Abortion & Reproductive Justice: The Unfinished Revolution 3

The Critical Studies in Sexualities and Reproduction, Rhodes University, the Sexual and Reproductive Justice Coalition (South Africa), and the International Campaign for Women’s Right to Safe Abortion, in partnership with the Department of Social Development (South African government) and a range of international partners listed in the appendix, will co-host the Abortion & Reproductive Justice: The Unfinished Revolution III conference at Rhodes University, Grahamstown, South Africa in July 2018.

This interdisciplinary conference aims to bring together researchers, activists, policy makers, health professionals, artists and performers, drawn from social policy, criminology, sociology, law and policy, human rights, women's health and rights, medicine, psychology, history and the arts working for safe abortion from around the world. The conference will provide a platform for delegates to explore, identify, share and pursue learning and research opportunities on a range of issues relating to abortion and reproductive justice in context, including access to abortion, activism and abortion politics. The conference will significantly contribute to the vision of unfettered and universal access to safe abortion and reproductive justice for women the world over.

The conference builds on two previous conferences with the same name held in Canada in August 2014, and in Northern Ireland in July 2016. The aim of this third iteration is to bring the conversation, scholarship, and exploration of issues and activism to those living in jurisdictions where abortion access is highly restricted, while at the same time hearing from scholars, activists and service providers from across the globe.

The hosting of the conference in Africa is thus highly pertinent. The organizing committee consists of representatives from a range of southern African countries, each with varying challenges regarding access to abortion. While South Africa, Zambia and Mozambique have liberal abortion legislation, implementation has been lackluster at best. In contrast, Zimbabwean, Malawian, and Namibian legislation remains highly restrictive; legal abortions are rare, and women who obtain unsafe abortions frequently do not seek post-abortion care for fear of repercussions. Abortion is socially, culturally and religiously stigmatized. Malawi is currently reviewing a proposed revision to the abortion law. Mozambique recently (late 2014) implemented legal reforms on abortion despite strong opposition from religious groups in the country. The conference will have three parts:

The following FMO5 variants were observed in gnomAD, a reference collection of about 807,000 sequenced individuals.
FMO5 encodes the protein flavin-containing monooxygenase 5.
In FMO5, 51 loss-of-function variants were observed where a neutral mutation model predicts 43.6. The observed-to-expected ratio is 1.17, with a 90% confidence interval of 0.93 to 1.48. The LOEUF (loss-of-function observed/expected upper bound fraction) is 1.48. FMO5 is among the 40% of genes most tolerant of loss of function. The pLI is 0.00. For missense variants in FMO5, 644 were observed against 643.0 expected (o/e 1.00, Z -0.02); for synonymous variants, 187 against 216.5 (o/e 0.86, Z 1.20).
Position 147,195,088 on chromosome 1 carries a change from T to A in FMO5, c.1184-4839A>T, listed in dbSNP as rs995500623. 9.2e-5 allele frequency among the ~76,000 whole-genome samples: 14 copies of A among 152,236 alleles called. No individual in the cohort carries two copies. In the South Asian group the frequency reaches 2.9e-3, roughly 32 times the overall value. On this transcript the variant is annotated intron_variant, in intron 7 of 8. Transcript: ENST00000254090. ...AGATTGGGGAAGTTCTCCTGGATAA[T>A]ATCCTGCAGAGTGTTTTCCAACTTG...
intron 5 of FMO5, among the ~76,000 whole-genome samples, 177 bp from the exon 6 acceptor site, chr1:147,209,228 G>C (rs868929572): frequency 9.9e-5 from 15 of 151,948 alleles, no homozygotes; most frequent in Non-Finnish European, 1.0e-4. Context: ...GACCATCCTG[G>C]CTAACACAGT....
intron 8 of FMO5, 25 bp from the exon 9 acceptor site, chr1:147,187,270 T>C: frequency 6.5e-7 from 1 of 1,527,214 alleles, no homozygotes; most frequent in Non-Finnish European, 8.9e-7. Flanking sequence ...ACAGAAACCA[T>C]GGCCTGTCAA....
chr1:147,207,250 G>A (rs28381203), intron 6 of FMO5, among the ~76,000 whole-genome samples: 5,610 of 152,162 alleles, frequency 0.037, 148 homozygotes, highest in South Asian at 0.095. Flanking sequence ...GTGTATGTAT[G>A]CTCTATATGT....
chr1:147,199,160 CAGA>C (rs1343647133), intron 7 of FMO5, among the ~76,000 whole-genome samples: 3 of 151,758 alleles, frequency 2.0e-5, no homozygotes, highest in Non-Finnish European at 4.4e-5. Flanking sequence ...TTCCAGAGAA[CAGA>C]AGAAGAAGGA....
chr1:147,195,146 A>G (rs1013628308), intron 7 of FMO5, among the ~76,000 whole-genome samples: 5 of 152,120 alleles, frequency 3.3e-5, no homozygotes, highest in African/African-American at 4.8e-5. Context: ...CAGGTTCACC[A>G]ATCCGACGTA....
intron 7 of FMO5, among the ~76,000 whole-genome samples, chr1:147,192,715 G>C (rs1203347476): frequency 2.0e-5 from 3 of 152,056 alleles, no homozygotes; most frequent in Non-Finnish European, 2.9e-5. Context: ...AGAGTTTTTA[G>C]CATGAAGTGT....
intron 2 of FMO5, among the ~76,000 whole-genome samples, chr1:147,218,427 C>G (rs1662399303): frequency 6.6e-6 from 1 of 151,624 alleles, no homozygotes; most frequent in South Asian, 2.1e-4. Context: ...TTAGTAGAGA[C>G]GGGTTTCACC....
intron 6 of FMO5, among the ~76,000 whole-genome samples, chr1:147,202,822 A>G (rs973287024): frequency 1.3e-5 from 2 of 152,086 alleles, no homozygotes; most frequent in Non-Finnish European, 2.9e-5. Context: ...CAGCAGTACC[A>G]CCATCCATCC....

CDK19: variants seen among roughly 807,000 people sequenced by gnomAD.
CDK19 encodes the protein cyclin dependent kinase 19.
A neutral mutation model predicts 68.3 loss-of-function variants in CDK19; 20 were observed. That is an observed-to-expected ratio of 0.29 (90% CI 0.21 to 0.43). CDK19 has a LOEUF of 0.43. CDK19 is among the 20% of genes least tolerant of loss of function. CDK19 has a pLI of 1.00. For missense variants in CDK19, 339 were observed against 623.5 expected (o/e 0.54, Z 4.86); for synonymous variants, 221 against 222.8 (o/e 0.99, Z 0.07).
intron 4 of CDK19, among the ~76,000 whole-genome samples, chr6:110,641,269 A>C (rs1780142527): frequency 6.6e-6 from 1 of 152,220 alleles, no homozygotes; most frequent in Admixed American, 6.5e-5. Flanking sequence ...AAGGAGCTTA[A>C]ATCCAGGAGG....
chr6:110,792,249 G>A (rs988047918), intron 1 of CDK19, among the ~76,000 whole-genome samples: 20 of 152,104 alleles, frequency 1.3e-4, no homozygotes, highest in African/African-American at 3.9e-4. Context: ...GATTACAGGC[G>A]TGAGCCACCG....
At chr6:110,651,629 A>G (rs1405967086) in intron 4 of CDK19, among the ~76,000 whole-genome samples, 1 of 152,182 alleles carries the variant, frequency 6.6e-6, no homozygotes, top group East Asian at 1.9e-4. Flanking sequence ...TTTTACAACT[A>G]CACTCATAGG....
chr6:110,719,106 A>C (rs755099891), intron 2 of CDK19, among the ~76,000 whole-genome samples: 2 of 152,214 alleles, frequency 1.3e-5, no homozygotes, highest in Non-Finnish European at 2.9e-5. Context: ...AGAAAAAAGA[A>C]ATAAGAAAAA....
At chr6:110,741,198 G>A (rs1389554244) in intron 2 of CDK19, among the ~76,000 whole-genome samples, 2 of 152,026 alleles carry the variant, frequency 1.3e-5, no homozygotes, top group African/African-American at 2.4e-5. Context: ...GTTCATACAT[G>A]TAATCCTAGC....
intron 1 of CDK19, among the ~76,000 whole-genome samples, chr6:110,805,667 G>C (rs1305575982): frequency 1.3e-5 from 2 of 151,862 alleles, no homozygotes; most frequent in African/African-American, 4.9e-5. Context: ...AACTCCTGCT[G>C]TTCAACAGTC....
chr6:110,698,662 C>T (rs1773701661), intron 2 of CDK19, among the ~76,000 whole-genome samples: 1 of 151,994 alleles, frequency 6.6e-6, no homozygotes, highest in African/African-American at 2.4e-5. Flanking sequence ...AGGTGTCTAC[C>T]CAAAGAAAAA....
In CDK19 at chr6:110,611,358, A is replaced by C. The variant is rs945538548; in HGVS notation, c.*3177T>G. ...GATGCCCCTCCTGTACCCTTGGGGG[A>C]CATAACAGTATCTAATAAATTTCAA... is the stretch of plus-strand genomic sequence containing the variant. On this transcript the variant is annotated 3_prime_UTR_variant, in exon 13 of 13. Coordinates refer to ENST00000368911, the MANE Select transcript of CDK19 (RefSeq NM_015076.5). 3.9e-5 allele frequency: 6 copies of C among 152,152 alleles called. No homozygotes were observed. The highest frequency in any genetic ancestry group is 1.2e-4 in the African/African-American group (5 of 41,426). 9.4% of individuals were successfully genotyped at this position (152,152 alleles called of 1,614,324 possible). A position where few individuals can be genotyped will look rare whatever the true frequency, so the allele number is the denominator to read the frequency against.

Part 1 - Workshops

Prior to the official opening, there will be pre-conference workshops for students and early career professionals who wish to increase their skills in a range of issues relating to abortion.

Part 2 - Knowledge Sharing

The abstract-driven part of the conference will come next. This will be open to all who wish to register (whether they have submitted an abstract or not); a range of formats for presentations in this portion of the conference will be provided, including debates, roundtables, symposia, discussion groups, arts and drama presentations, and papers; keynote speakers with significant experience in research and/or advocacy in the area of reproductive justice and abortion will also be invited.

Part 3 - Action Discussions:

This part of the conference will be a participatory discussion primarily for advocates from across Africa, facilitated by the International Campaign for Women’s Right to Safe Abortion. Building on the more academic format of the second part of the conference, participants will engage in discussions from a public health and human rights perspective around the following topics – Decriminalizing abortion, success and failures at law reform, resistance to change, human rights standards, health systems, professionals and policymakers. The main aim will be to explore experiences, difficulties and successes in taking action on the ground.

A proportion of places will be reserved for young researchers and advocates. There will be a Youth Committee to propose sessions of particular value for young people, and to plan how to take what happens in the conference to the outside world as follow-up.

Opportunities for networking will be provided throughout the conference, including through several social events.